DANIEL VAUGHAN: The leadership crisis of America

My last column was about how America was both in a leadership crisis and risked losing what made it great because of that crisis. One of the major pushbacks I received essentially said that America did have leaders. They were doing hard work, and any assertion to the contrary meant you’re looking in the wrong places.

I can see that point; if you look hard enough, you can find leaders in any organization, small to large. That kind of argument is similar to the one that Fred Rogers made when he said, “When I was a boy, and I would see scary things in the news, my mother would say to me, ‘Look for the helpers. You will always find people who are helping.'”

And if you’re talking about any leader in any situation, sure, it’s easy to find a leader. But of course, this is an intellectually dishonest position to hold.

The point I’m making isn’t one that’s debatable like that. We are in a leadership crisis because our society’s offices, where we choose and select people from our midst to lead us, have had a severe shortage of actual leaders. And the issue has been there for well over a decade.

It’s not a debatable point. Americans are increasingly so dissatisfied with what either major political party puts forward that they’re willing to consider more extreme and outlandish candidates.

Donald Trump was a complete and total outsider to the political party system before running in 2016. The reality TV show host and real estate mogul channeled a deep-seated form of populism in the country that was profoundly angry about how Washington, D.C. was out of touch. And part of the reason Trump didn’t win in 2020 is that he failed to provide a cohesive form of leadership to answer the problems his candidacy tapped into.

The Democratic Party has spent two consecutive cycles trying to fend off an insurgence from the democratic-socialist left in the likes of Bernie Sanders. The far-left of the Democratic Party is engaged in some kind of Frankenstein exercise, melding together an amalgamation of socialism, Marxism, and modern notions of identity politics to replace class as the animating factor in socialism. The Democratic Party has essentially worked to rig the primary process against Hillary Clinton and Joe Biden’s far left.

But we can go beyond the political choices of the parties. Pew Research has shown that partisan views on any topic are now totally divorced from reality. If a Democrat is in office, Republicans think the economy is in the tank, and Democrats think the opposite. If a Republican is in office, Democrats believe the economy is in the tank while Republicans are happy. These are opinions that are divorced from reality and what actual economic conditions are in a given moment.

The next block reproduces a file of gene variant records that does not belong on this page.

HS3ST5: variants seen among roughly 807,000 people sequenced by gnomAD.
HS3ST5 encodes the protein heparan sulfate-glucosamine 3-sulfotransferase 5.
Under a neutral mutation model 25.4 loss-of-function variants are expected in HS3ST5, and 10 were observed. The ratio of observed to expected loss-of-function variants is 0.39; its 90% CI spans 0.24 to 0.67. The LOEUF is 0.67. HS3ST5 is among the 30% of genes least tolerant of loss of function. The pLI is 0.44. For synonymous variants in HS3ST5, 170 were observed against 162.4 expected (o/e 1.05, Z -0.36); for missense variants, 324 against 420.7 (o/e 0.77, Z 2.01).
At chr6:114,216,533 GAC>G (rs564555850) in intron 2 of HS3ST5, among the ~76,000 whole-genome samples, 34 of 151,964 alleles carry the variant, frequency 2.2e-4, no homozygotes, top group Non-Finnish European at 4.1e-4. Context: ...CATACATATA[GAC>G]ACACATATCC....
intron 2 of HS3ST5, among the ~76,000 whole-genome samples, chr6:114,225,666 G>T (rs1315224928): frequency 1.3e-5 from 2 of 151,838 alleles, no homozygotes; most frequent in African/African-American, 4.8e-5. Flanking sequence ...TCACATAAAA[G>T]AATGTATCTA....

Dig down even further into Pew’s data. You’ll find that concerning majorities in both parties believe that sizable changes are needed in the U.S. federal government. If people think that broad, drastic changes are required across the board, and their elected officials aren’t providing that, the tide will naturally start shifting toward those politicians who promise more dramatic things.

You may be able to find an actual honest-to-goodness leader in your local community. But you won’t find them on the federal level. There are great people at the national level. But there are no leaders.

If we had leaders, the decades of protest movements we’ve seen since the Great Recession wouldn’t be needed. Instead, we’ve had the Occupy Wall Street movement, the Tea Party, the Trumpian MAGA surge, the rise of democratic-socialists, and almost yearly protests in cities that end with things burned and destroyed over allegations of police misconduct toward Black Americans. And the first week of 2021, we had a lawless mob ransack the U.S. Capitol building.

It was Martin Luther King, Jr. who observed that a riot is the language of the unheard:

I’m absolutely convinced that a riot merely intensifies the fears of the white community while relieving the guilt. And I feel that we must always work with an effective, powerful weapon and method that brings about tangible results. But it is not enough for me to stand before you tonight and condemn riots. It would be morally irresponsible for me to do that without, at the same time, condemning the contingent, intolerable conditions that exist in our society. These conditions are the things that cause individuals to feel that they have no other alternative than to engage in violent rebellions to get attention. And I must say tonight that a riot is the language of the unheard. And what is it America has failed to hear?

For his generation, there were clear examples of societal wrongs going unheard. Now, both sides of the political spectrum are growing more and more violent and restless. A real leader would recognize these calls and attempt to quell the problem by dealing with the issues.

Instead, we only have a political divide that seeks to weaponize any wrongdoing by either side to their political advantage. This kind of stupidity only deepens the divide.

These riots should be outright and fully condemned for what they are: lawlessness allowed to run free. From there, we need to make the government more responsive to people’s demands and needs. The political branches were designed to provide a creative outlet for political unhappiness through elections and the petitioning of political leaders.

If we had actual leaders, people would believe these outlets still work. But it’s clear from the behavior on both sides of the political aisle that no one believes this point. And as a result, we’re increasingly entertaining more extreme politicians, from Bernie Sanders to Donald Trump, because no leadership exists.

That is our leadership crisis.